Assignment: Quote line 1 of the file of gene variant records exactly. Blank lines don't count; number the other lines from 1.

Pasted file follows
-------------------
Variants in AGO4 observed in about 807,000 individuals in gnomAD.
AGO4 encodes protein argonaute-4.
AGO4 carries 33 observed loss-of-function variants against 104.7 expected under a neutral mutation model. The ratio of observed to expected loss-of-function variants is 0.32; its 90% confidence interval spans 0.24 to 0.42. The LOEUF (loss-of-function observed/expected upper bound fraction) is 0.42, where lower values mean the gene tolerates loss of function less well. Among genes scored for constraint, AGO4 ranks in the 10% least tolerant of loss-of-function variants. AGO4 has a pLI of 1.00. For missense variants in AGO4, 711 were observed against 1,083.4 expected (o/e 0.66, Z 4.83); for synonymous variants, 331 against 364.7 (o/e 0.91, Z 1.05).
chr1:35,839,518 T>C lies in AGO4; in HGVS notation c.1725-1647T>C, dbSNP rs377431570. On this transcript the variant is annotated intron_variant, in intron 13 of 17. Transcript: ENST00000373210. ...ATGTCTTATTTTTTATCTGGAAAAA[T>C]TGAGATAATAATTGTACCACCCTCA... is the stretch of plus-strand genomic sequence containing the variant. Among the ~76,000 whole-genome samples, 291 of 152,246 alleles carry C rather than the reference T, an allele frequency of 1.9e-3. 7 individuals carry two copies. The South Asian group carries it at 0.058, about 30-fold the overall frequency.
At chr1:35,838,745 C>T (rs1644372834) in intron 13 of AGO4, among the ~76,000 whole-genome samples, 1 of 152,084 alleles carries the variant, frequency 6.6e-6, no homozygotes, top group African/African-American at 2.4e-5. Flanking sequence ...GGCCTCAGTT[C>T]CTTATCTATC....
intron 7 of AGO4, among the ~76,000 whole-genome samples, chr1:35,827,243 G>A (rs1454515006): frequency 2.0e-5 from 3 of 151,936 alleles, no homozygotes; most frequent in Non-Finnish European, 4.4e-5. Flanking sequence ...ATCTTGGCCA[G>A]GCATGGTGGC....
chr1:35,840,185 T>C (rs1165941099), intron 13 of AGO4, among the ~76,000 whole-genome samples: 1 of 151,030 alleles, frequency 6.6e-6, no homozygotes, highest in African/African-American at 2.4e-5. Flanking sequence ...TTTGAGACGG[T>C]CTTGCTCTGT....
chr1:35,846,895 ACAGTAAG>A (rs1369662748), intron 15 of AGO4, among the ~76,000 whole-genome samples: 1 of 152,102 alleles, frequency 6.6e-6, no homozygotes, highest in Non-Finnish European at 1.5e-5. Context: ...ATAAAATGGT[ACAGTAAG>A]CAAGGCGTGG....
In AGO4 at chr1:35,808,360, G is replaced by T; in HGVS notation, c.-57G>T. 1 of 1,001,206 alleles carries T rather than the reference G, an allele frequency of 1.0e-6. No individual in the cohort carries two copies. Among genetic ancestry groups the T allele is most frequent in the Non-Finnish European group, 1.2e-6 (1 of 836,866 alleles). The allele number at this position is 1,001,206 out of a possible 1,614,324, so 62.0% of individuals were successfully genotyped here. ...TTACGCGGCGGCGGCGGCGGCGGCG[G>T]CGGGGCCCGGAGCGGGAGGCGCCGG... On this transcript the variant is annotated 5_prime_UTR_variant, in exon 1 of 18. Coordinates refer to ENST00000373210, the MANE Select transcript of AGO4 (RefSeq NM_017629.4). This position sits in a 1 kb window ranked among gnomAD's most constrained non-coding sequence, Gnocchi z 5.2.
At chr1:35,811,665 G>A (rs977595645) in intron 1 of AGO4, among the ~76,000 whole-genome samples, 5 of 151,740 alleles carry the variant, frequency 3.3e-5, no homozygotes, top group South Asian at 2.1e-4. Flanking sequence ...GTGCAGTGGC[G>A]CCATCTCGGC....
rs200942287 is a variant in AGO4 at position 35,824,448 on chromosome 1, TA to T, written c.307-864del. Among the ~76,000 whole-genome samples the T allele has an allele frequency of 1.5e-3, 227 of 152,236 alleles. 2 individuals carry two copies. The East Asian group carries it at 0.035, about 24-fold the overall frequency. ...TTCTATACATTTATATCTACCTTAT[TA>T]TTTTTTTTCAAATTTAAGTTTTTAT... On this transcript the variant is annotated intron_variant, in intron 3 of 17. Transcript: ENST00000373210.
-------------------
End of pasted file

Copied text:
Variants in AGO4 observed in about 807,000 individuals in gnomAD.